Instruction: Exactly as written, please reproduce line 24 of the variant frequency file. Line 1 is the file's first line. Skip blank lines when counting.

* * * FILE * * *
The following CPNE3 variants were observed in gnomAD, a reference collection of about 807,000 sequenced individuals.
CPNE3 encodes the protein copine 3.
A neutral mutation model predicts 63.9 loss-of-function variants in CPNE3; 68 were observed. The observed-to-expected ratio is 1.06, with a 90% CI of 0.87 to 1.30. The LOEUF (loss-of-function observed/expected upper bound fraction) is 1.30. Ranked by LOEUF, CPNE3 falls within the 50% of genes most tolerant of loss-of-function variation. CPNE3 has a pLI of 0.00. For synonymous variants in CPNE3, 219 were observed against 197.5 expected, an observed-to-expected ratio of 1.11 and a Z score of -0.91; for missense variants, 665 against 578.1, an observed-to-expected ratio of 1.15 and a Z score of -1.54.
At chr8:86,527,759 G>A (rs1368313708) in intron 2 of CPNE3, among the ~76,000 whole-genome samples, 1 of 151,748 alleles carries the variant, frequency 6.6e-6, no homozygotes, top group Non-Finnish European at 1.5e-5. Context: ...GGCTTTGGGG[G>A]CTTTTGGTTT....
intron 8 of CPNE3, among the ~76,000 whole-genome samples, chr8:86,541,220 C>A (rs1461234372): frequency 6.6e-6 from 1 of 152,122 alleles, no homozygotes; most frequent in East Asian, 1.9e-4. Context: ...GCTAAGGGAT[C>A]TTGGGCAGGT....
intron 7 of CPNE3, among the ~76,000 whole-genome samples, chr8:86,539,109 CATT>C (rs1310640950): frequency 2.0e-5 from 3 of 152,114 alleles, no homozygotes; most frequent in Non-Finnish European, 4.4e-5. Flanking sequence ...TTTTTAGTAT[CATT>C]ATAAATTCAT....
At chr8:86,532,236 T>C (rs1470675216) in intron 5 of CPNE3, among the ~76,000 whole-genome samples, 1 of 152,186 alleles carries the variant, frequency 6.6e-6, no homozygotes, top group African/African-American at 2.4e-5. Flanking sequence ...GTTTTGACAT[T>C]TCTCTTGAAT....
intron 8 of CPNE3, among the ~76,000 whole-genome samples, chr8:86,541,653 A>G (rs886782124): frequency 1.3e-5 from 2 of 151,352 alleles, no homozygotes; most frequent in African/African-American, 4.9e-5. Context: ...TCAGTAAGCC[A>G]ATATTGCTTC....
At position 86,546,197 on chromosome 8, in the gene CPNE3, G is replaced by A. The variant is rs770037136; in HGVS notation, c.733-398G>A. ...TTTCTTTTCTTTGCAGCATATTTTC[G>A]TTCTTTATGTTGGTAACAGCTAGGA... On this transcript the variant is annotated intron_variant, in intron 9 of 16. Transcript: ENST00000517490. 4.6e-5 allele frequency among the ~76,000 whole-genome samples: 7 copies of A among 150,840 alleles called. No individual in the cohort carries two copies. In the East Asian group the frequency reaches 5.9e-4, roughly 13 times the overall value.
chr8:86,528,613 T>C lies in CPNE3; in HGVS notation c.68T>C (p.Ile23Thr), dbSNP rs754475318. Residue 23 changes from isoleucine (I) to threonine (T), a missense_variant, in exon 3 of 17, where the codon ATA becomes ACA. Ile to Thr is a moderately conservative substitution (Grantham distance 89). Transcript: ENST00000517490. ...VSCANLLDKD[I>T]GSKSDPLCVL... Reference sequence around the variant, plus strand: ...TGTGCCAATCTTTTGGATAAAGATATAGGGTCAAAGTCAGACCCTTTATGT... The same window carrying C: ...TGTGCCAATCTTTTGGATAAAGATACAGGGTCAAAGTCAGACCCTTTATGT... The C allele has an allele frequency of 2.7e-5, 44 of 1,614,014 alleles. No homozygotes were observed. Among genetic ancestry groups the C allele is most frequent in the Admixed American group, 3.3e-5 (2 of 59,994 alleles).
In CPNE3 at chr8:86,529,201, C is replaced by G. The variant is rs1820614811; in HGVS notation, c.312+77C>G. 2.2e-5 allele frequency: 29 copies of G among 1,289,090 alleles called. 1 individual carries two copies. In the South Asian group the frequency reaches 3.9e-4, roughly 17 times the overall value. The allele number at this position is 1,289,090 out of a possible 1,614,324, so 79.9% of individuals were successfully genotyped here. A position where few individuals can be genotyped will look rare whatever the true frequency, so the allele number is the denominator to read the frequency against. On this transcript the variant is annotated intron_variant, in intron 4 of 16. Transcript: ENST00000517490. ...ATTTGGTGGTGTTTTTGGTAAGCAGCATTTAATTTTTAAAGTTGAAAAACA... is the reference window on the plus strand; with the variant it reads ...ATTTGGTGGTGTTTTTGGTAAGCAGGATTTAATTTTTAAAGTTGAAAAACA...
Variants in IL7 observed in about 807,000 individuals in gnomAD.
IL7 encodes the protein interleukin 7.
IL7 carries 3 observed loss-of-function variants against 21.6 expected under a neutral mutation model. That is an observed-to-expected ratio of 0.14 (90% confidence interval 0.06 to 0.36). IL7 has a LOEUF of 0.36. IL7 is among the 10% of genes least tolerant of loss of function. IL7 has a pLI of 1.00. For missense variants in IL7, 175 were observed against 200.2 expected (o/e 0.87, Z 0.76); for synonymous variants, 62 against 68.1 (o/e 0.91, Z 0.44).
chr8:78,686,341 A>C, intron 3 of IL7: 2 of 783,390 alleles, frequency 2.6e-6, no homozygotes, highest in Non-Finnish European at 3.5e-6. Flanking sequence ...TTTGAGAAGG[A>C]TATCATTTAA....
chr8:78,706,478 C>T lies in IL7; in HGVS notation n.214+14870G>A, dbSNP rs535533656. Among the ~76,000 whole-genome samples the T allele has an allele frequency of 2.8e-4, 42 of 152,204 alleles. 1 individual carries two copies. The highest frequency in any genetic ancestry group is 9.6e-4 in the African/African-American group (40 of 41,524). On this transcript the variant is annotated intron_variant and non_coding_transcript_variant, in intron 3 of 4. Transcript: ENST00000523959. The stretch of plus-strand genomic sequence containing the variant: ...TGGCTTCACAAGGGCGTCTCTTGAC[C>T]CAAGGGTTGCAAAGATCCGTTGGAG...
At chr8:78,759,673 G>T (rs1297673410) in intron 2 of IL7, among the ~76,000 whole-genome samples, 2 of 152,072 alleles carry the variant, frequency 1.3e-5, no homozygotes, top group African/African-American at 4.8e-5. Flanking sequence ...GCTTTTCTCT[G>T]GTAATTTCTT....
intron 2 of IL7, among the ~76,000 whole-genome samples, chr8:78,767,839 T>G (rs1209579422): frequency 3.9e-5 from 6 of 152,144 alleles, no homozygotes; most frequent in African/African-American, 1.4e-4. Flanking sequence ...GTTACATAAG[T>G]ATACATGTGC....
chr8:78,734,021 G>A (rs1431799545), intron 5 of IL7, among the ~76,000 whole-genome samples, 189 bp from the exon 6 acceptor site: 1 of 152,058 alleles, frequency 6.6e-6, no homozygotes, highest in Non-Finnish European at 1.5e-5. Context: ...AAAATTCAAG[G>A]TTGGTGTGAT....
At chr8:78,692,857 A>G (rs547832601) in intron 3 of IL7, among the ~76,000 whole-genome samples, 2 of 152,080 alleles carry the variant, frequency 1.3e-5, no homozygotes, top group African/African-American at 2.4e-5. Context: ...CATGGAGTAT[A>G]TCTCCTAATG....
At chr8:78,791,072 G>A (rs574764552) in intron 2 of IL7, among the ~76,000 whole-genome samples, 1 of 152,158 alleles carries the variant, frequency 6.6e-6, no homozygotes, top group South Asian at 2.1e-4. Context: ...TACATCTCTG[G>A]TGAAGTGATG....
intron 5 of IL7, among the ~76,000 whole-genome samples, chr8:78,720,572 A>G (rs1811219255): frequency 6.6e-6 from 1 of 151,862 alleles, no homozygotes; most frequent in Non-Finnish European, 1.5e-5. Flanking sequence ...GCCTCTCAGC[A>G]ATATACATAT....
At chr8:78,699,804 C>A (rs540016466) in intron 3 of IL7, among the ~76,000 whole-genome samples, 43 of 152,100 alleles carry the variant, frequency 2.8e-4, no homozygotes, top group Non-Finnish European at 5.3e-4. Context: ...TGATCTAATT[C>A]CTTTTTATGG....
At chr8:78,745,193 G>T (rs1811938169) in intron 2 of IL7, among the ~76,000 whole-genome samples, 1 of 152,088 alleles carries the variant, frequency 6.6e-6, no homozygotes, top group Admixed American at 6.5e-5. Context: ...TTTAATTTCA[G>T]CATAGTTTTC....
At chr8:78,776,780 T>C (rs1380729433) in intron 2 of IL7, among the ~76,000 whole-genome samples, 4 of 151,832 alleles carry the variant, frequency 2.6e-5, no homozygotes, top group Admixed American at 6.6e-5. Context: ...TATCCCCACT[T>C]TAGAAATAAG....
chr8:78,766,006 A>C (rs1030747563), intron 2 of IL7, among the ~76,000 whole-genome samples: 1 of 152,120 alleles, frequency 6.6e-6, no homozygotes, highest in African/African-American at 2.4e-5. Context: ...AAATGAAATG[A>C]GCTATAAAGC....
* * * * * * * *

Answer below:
At chr8:78,745,193 G>T (rs1811938169) in intron 2 of IL7, among the ~76,000 whole-genome samples, 1 of 152,088 alleles carries the variant, frequency 6.6e-6, no homozygotes, top group Admixed American at 6.5e-5. Context: ...TTTAATTTCA[G>T]CATAGTTTTC....